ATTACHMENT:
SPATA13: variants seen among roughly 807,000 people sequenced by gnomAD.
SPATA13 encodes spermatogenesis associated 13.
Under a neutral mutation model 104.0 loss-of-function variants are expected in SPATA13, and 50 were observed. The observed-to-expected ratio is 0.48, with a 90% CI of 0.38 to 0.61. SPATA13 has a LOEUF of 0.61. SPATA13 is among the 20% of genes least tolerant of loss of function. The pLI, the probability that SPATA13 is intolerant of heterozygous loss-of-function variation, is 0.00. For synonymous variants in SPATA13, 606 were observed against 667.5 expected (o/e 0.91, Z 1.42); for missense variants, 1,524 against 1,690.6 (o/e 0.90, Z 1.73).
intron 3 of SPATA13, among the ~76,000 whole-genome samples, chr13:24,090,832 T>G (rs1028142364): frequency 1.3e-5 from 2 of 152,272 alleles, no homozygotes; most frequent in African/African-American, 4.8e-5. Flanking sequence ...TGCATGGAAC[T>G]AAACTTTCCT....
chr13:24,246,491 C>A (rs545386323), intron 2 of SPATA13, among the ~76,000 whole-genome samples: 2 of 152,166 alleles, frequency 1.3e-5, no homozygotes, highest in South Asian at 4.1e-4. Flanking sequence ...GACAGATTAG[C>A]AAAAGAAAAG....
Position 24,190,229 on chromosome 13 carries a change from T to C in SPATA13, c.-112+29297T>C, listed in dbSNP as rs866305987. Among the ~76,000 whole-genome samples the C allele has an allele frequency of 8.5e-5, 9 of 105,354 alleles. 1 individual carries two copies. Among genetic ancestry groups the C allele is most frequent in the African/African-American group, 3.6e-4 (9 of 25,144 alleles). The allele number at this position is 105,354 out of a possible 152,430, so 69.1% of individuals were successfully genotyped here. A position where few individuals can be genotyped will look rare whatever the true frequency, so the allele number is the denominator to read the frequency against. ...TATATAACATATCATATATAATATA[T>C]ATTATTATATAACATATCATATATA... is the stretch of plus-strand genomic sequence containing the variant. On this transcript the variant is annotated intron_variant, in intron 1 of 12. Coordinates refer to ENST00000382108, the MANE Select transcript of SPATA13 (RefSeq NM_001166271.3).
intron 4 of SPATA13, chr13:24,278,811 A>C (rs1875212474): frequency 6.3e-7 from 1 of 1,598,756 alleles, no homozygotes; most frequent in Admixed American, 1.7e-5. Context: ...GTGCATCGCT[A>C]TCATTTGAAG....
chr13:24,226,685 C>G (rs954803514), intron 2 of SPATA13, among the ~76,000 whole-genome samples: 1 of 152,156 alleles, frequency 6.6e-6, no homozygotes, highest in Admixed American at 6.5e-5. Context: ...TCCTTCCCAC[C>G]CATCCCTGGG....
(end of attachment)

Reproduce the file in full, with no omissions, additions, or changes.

SPATA13: variants seen among roughly 807,000 people sequenced by gnomAD.
SPATA13 encodes spermatogenesis associated 13.
Under a neutral mutation model 104.0 loss-of-function variants are expected in SPATA13, and 50 were observed. The observed-to-expected ratio is 0.48, with a 90% CI of 0.38 to 0.61. SPATA13 has a LOEUF of 0.61. SPATA13 is among the 20% of genes least tolerant of loss of function. The pLI, the probability that SPATA13 is intolerant of heterozygous loss-of-function variation, is 0.00. For synonymous variants in SPATA13, 606 were observed against 667.5 expected (o/e 0.91, Z 1.42); for missense variants, 1,524 against 1,690.6 (o/e 0.90, Z 1.73).
intron 3 of SPATA13, among the ~76,000 whole-genome samples, chr13:24,090,832 T>G (rs1028142364): frequency 1.3e-5 from 2 of 152,272 alleles, no homozygotes; most frequent in African/African-American, 4.8e-5. Flanking sequence ...TGCATGGAAC[T>G]AAACTTTCCT....
chr13:24,246,491 C>A (rs545386323), intron 2 of SPATA13, among the ~76,000 whole-genome samples: 2 of 152,166 alleles, frequency 1.3e-5, no homozygotes, highest in South Asian at 4.1e-4. Flanking sequence ...GACAGATTAG[C>A]AAAAGAAAAG....
Position 24,190,229 on chromosome 13 carries a change from T to C in SPATA13, c.-112+29297T>C, listed in dbSNP as rs866305987. Among the ~76,000 whole-genome samples the C allele has an allele frequency of 8.5e-5, 9 of 105,354 alleles. 1 individual carries two copies. Among genetic ancestry groups the C allele is most frequent in the African/African-American group, 3.6e-4 (9 of 25,144 alleles). The allele number at this position is 105,354 out of a possible 152,430, so 69.1% of individuals were successfully genotyped here. A position where few individuals can be genotyped will look rare whatever the true frequency, so the allele number is the denominator to read the frequency against. ...TATATAACATATCATATATAATATA[T>C]ATTATTATATAACATATCATATATA... is the stretch of plus-strand genomic sequence containing the variant. On this transcript the variant is annotated intron_variant, in intron 1 of 12. Coordinates refer to ENST00000382108, the MANE Select transcript of SPATA13 (RefSeq NM_001166271.3).
intron 4 of SPATA13, chr13:24,278,811 A>C (rs1875212474): frequency 6.3e-7 from 1 of 1,598,756 alleles, no homozygotes; most frequent in Admixed American, 1.7e-5. Context: ...GTGCATCGCT[A>C]TCATTTGAAG....
chr13:24,226,685 C>G (rs954803514), intron 2 of SPATA13, among the ~76,000 whole-genome samples: 1 of 152,156 alleles, frequency 6.6e-6, no homozygotes, highest in Admixed American at 6.5e-5. Context: ...TCCTTCCCAC[C>G]CATCCCTGGG....